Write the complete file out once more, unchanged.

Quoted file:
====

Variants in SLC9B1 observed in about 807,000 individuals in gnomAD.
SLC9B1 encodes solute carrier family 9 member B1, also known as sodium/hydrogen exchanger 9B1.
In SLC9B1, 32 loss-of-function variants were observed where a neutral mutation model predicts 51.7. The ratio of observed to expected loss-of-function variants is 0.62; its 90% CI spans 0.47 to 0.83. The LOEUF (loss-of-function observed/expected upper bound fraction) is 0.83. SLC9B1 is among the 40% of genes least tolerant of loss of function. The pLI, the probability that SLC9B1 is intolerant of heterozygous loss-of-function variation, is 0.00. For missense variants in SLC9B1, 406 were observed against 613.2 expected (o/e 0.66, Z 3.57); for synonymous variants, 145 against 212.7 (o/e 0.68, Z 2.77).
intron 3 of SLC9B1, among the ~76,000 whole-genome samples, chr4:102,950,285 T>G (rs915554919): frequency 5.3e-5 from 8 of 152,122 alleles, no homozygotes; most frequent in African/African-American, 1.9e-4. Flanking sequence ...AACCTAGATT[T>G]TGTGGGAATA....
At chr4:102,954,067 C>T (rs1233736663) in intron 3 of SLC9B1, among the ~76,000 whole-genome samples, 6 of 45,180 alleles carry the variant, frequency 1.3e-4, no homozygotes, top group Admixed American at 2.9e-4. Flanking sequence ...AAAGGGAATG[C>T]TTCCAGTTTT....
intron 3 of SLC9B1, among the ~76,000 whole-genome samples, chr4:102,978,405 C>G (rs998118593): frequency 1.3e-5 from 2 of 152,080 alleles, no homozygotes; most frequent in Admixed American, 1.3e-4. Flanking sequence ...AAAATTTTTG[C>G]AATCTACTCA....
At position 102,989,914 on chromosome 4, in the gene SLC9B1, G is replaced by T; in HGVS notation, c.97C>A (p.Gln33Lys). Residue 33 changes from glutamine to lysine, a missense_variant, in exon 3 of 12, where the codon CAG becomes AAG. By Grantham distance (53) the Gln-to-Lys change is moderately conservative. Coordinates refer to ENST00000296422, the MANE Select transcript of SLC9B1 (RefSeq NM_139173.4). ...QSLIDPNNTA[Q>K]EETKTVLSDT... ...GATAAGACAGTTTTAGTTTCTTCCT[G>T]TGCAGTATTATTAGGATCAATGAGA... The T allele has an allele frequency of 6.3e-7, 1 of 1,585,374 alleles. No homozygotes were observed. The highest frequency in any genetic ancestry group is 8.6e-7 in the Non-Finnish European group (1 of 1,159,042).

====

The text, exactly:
Variants in SLC9B1 observed in about 807,000 individuals in gnomAD.
SLC9B1 encodes solute carrier family 9 member B1, also known as sodium/hydrogen exchanger 9B1.
In SLC9B1, 32 loss-of-function variants were observed where a neutral mutation model predicts 51.7. The ratio of observed to expected loss-of-function variants is 0.62; its 90% CI spans 0.47 to 0.83. The LOEUF (loss-of-function observed/expected upper bound fraction) is 0.83. SLC9B1 is among the 40% of genes least tolerant of loss of function. The pLI, the probability that SLC9B1 is intolerant of heterozygous loss-of-function variation, is 0.00. For missense variants in SLC9B1, 406 were observed against 613.2 expected (o/e 0.66, Z 3.57); for synonymous variants, 145 against 212.7 (o/e 0.68, Z 2.77).
intron 3 of SLC9B1, among the ~76,000 whole-genome samples, chr4:102,950,285 T>G (rs915554919): frequency 5.3e-5 from 8 of 152,122 alleles, no homozygotes; most frequent in African/African-American, 1.9e-4. Flanking sequence ...AACCTAGATT[T>G]TGTGGGAATA....
At chr4:102,954,067 C>T (rs1233736663) in intron 3 of SLC9B1, among the ~76,000 whole-genome samples, 6 of 45,180 alleles carry the variant, frequency 1.3e-4, no homozygotes, top group Admixed American at 2.9e-4. Flanking sequence ...AAAGGGAATG[C>T]TTCCAGTTTT....
intron 3 of SLC9B1, among the ~76,000 whole-genome samples, chr4:102,978,405 C>G (rs998118593): frequency 1.3e-5 from 2 of 152,080 alleles, no homozygotes; most frequent in Admixed American, 1.3e-4. Flanking sequence ...AAAATTTTTG[C>G]AATCTACTCA....
At position 102,989,914 on chromosome 4, in the gene SLC9B1, G is replaced by T; in HGVS notation, c.97C>A (p.Gln33Lys). Residue 33 changes from glutamine to lysine, a missense_variant, in exon 3 of 12, where the codon CAG becomes AAG. By Grantham distance (53) the Gln-to-Lys change is moderately conservative. Coordinates refer to ENST00000296422, the MANE Select transcript of SLC9B1 (RefSeq NM_139173.4). ...QSLIDPNNTA[Q>K]EETKTVLSDT... ...GATAAGACAGTTTTAGTTTCTTCCT[G>T]TGCAGTATTATTAGGATCAATGAGA... The T allele has an allele frequency of 6.3e-7, 1 of 1,585,374 alleles. No homozygotes were observed. The highest frequency in any genetic ancestry group is 8.6e-7 in the Non-Finnish European group (1 of 1,159,042).